Penn & Teller On Broadway Concluded Its Run On Sunday August 16, 2015. The Show Received Mixed Reviews But It Was A Financial Hit.

Magic Show Recouped In Its Penultimate Week

penn and teller poster

On Sunday, August 16, 2015, Penn & Teller on Broadway played its last performance at the Marquis Theatre. The famous magician duo came to Broadway for a strictly limited engagement of 6 weeks, including one partial week of previews which began on July 7, 2015. The official opening night took place on July 12, 2015.

Throughout this short run, the show sold very well. There was a huge gross potential in the large Marquis Theatre, and the show never brought in more than 82.52% of this potential in any given week.

Short Run Accomplished Extraordinary Feat

Still, with more than a week to go in their six-week run, the producers announced that Penn & Teller on Broadway was a financial hit, having recouped its initial capitalization of $2.85 million. This amount is quite low for a Broadway show, but six weeks is extraordinarily low for the duration of a run on Broadway.

Therefore, it is no small feat that this magic show managed to enter profits during its run. The best-selling week took place in the week ending August 9, 2015, when 12,145 people paid to see the show across the eight performances. The only other shows to bring in as many audience members were the best-selling musicals Wicked, Aladdin, The Lion King, and the newer show An American in Paris.

Overall Excellent Sales But A Downturn In The Final Week

Penn and Teller

Over the course of the six-week run, Penn & Teller on Broadway made a steady climb in ticket sales. However, in the final week of the run, the week ending August 16, 2015, the show took a dip in sales.

This is unusual, as most other shows manage to attract more audience members in their final week due to the last chance opportunity to see the show. However, everything about this show was unusual, from the short six-week duration of the show, to the fact that it is not a traditional play or musical, but instead a magic spectacle straight from Las Vegas.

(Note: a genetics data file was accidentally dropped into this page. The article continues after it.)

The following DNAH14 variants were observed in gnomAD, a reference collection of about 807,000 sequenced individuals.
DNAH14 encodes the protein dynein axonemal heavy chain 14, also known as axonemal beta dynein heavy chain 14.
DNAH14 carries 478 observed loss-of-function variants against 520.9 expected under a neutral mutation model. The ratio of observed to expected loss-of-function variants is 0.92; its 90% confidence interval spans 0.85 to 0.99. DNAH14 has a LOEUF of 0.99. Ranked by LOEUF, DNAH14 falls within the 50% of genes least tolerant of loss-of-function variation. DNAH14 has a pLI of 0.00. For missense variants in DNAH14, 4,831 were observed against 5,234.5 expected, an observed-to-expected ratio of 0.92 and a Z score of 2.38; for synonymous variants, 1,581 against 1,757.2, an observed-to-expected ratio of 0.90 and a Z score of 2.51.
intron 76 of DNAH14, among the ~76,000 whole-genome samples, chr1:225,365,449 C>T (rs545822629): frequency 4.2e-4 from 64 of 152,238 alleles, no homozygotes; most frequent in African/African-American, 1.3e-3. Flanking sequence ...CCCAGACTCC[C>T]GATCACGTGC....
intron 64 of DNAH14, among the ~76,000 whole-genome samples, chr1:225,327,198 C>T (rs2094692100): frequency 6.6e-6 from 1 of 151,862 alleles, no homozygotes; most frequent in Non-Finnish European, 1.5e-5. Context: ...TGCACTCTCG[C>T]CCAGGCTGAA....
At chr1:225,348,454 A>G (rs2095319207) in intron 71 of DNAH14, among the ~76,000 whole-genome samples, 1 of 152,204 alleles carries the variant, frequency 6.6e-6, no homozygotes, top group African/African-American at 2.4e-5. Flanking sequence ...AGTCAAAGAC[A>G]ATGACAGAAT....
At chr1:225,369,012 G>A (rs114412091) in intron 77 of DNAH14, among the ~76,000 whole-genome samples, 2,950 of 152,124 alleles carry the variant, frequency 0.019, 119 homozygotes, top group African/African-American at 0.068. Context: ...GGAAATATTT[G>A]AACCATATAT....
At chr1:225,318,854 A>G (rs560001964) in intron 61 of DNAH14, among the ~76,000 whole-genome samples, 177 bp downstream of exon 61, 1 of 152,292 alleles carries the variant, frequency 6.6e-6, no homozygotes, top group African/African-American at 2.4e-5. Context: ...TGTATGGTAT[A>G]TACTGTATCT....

Ticket Prices Up, Audience Attendance Down

In the final week of sales, the show still brought in the impressive gross of $1,153,386, but this is a decrease of $268,702 from the week before, a 21.0% drop. People did pay more per ticket (the average paid admission went up from $117.09 the previous week to $122.71 in the final week), and yet the number of audience members went down (from the peak number of 12,145 to the lowest number of the run, 9,399 people).

It is unclear why the final week demonstrated a decrease in interest to see the show. Perhaps the number of individuals interested in paying top dollar for a show in New York that is more suited for Las Vegas was saturated after just over 5 weeks. If this is the case, then the producers made the right choice in scheduling the show for a 6-week engagement.

Mixed Reviews That Did Not Sway Ticket Buyers’ Interest

After the show opened, there were mixed reviews from critics. Some were critical of the fact that the show was made up of seemingly simple tricks, such as the classic of pulling a rabbit out of a hat. However, this was clearly a crowd pleaser, and audiences did not shy away from rushing to the Marquis Theatre.

Immediately after this run, the duo plans to return to Las Vegas where they have been performing together for 40 years. The six-week run was the longest break they could finagle from their producers at the Rio Hotel and Casino. Still, as demonstrated by the downturn in the last week of ticket sales, this may have also been the right move from a financial perspective.